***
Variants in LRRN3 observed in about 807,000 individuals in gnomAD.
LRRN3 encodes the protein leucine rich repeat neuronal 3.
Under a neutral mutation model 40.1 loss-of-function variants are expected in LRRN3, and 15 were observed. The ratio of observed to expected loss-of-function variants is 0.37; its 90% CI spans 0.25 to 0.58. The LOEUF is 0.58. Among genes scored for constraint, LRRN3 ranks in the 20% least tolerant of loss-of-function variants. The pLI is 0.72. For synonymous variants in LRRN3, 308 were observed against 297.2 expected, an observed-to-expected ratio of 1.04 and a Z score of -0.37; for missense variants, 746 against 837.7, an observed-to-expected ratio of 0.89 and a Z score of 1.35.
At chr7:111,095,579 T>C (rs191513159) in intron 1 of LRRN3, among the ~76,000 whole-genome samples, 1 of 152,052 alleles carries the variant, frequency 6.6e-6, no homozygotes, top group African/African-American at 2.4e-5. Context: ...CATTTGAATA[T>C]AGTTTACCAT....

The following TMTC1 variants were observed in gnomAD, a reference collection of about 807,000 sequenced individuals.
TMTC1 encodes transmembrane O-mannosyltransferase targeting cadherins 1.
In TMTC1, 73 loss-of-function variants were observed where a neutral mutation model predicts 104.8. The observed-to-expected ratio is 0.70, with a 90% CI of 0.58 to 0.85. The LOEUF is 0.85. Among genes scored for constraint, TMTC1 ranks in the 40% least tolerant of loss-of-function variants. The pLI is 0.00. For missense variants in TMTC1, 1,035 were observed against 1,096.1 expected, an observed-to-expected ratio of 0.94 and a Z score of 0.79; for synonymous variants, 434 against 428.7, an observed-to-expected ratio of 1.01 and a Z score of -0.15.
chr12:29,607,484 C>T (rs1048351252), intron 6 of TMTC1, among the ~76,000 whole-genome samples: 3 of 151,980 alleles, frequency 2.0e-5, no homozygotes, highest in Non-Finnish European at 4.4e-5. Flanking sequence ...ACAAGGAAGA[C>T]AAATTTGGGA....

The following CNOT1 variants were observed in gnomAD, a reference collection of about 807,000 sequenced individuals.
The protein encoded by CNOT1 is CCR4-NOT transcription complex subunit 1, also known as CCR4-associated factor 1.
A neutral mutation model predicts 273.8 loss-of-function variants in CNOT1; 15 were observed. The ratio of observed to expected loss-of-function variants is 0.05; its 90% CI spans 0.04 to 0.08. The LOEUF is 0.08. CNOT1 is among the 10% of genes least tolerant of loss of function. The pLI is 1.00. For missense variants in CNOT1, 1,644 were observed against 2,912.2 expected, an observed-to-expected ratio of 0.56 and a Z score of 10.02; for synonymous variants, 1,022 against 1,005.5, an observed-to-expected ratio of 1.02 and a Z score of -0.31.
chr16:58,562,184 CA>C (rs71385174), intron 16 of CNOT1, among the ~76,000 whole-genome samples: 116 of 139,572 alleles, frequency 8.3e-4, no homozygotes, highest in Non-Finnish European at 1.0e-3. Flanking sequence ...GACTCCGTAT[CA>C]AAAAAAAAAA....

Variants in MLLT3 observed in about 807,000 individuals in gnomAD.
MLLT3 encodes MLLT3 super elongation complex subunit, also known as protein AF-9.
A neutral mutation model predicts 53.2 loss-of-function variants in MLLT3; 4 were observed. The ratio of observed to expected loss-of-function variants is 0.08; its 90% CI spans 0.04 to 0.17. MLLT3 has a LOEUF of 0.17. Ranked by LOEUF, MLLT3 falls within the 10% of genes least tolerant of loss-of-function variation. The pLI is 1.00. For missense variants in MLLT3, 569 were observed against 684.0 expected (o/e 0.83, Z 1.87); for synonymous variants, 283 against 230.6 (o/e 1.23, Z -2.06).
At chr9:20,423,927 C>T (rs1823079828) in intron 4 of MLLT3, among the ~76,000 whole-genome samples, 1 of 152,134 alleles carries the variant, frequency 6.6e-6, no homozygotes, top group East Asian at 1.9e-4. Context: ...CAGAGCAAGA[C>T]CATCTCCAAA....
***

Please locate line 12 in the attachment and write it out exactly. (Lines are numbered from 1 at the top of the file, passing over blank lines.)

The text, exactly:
chr16:58,562,184 CA>C (rs71385174), intron 16 of CNOT1, among the ~76,000 whole-genome samples: 116 of 139,572 alleles, frequency 8.3e-4, no homozygotes, highest in Non-Finnish European at 1.0e-3. Flanking sequence ...GACTCCGTAT[CA>C]AAAAAAAAAA....